These images are a by-product of my day job. By day, I am the Project Director for the Denver Art Museum's new building designed by Daniel Libeskind. On the sly, I scan the construction site for intriguing and transient visual moments. These moments are transient primarily because they quickly get slopped over with drywall, paint, and plaster! While the completed building becomes the final statement or product, these fleeting images of a work in progress evoke the building yet to be.

Dearraindrop is an artists' group currently living and working in Virginia Beach, Virginia, where we have known each other now for 10 years plus. These photos are images of our studio/headquarters in southern Virginia, "with us against reality or reality against us" in Oslo, Norway, and "Magic Brain" in Padua, Italy.

I am interested in the human figure as a structure. I want the people in the paintings to convey an essence in visual form. I thought of them as symbols, as when you go to see a dance performance. The expression is in their poses. More than relying on color or atmosphere, I put it all in the figures. They communicate a state of mind or a mood through their bodies.

As I have been primarily a painter throughout my career, photography has served me most often as a tool. The use of the camera in the art-making process serves as a jumping off point for the paintings, but at ties I deem that a photograph is successful alone and need not be turned into a painting.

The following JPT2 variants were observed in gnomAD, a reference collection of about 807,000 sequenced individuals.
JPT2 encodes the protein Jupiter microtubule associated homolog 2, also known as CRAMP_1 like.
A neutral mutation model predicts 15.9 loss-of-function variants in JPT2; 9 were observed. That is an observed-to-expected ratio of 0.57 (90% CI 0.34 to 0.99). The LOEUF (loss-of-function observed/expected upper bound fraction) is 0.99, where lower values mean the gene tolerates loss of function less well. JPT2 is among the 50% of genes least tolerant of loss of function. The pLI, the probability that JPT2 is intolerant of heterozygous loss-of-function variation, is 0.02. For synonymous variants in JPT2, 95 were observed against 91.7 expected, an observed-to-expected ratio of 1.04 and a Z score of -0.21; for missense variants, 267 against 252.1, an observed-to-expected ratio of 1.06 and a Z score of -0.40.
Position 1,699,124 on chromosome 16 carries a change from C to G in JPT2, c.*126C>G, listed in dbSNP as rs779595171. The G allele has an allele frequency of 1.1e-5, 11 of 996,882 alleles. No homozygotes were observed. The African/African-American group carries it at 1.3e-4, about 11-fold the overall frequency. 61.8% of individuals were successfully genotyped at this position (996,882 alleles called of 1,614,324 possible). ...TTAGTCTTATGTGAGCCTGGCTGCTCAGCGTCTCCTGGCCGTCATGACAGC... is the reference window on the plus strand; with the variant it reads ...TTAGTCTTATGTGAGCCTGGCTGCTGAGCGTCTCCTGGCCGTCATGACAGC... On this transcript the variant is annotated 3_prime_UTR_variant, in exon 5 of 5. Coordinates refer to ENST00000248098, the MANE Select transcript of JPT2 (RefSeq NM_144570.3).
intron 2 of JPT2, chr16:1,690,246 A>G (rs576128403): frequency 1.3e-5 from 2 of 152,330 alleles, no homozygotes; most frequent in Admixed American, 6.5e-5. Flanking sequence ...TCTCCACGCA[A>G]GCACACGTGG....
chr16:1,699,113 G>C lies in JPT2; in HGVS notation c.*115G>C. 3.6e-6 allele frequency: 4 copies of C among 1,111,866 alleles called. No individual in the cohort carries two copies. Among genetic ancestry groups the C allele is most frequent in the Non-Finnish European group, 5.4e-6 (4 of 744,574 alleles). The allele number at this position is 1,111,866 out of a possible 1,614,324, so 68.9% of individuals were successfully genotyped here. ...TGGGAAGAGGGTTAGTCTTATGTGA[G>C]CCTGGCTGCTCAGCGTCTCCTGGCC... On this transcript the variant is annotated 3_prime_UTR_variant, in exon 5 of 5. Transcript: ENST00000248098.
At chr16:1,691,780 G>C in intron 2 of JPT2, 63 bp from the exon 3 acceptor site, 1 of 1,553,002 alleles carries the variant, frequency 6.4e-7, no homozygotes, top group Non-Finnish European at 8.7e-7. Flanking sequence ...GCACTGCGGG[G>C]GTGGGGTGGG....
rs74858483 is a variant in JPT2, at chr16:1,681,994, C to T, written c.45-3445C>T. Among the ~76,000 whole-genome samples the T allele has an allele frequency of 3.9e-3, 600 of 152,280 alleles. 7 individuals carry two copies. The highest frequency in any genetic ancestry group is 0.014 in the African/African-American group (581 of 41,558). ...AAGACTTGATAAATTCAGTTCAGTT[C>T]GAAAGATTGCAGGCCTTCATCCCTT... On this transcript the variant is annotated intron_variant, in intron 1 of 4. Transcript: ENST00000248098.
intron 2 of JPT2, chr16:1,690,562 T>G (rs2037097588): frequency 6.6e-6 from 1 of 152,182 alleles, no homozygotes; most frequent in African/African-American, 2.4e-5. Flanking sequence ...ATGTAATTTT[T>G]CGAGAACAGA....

The conventional approach to photography usually involves "real" physical representation--the freezing of a memory in time. With my photographs, I attempt to achieve the essence of an experience, not the literal representation thereof.

The photographs are records of memory in a non-linear fashion, the subconscious moments between specific events. Unimportant events become the visual foreground, instead of the background--a closer look at what is typically ignored--and disembodied memories and experiences become more than the sum of their parts.

I live in Brooklyn, but my heart lies in a Midwestern field some 20 to 30 years ago. I make my drawings in Brooklyn too, recently received my MFA from the School of Visual Arts, and work for the Joan Mitchell Foundation. I am represented by the Proposition Gallery.

Read over as a group, one finds that each story in this section, in its own way, is about children and growing up. Considering I chose them one by one, thinking only of what struck me as honest and vivid language, the theme came as a pleasant surprise.

"Artists' Self Portraits as Porn Stars," curated by Omar Lopez-Chahoud: a project completed in conjunction with an exhibition at the Circus of Books in Los Angeles.